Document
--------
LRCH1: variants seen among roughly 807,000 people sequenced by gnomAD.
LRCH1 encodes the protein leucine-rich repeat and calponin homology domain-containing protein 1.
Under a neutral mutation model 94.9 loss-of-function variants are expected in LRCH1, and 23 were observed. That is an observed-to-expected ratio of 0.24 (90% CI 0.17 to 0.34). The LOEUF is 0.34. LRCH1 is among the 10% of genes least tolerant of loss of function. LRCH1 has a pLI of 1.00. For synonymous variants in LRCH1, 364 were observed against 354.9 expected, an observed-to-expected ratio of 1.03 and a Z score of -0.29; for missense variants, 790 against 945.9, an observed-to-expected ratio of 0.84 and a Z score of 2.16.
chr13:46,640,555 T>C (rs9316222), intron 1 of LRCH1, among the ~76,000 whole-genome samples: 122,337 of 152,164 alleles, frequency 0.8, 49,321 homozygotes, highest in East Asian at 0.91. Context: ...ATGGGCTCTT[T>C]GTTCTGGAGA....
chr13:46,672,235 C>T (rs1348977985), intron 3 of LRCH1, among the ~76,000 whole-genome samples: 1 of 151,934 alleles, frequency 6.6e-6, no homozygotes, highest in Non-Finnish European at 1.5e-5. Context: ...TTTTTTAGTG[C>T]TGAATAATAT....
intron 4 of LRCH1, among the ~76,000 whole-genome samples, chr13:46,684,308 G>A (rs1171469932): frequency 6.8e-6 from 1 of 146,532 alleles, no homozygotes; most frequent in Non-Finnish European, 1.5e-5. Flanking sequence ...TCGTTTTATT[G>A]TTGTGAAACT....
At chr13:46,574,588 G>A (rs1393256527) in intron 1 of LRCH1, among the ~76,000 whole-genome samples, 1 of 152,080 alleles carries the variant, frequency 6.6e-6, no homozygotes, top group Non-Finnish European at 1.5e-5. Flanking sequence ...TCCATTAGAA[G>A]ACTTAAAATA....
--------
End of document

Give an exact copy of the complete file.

LRCH1: variants seen among roughly 807,000 people sequenced by gnomAD.
LRCH1 encodes the protein leucine-rich repeat and calponin homology domain-containing protein 1.
Under a neutral mutation model 94.9 loss-of-function variants are expected in LRCH1, and 23 were observed. That is an observed-to-expected ratio of 0.24 (90% CI 0.17 to 0.34). The LOEUF is 0.34. LRCH1 is among the 10% of genes least tolerant of loss of function. LRCH1 has a pLI of 1.00. For synonymous variants in LRCH1, 364 were observed against 354.9 expected, an observed-to-expected ratio of 1.03 and a Z score of -0.29; for missense variants, 790 against 945.9, an observed-to-expected ratio of 0.84 and a Z score of 2.16.
chr13:46,640,555 T>C (rs9316222), intron 1 of LRCH1, among the ~76,000 whole-genome samples: 122,337 of 152,164 alleles, frequency 0.8, 49,321 homozygotes, highest in East Asian at 0.91. Context: ...ATGGGCTCTT[T>C]GTTCTGGAGA....
chr13:46,672,235 C>T (rs1348977985), intron 3 of LRCH1, among the ~76,000 whole-genome samples: 1 of 151,934 alleles, frequency 6.6e-6, no homozygotes, highest in Non-Finnish European at 1.5e-5. Context: ...TTTTTTAGTG[C>T]TGAATAATAT....
intron 4 of LRCH1, among the ~76,000 whole-genome samples, chr13:46,684,308 G>A (rs1171469932): frequency 6.8e-6 from 1 of 146,532 alleles, no homozygotes; most frequent in Non-Finnish European, 1.5e-5. Flanking sequence ...TCGTTTTATT[G>A]TTGTGAAACT....
At chr13:46,574,588 G>A (rs1393256527) in intron 1 of LRCH1, among the ~76,000 whole-genome samples, 1 of 152,080 alleles carries the variant, frequency 6.6e-6, no homozygotes, top group Non-Finnish European at 1.5e-5. Flanking sequence ...TCCATTAGAA[G>A]ACTTAAAATA....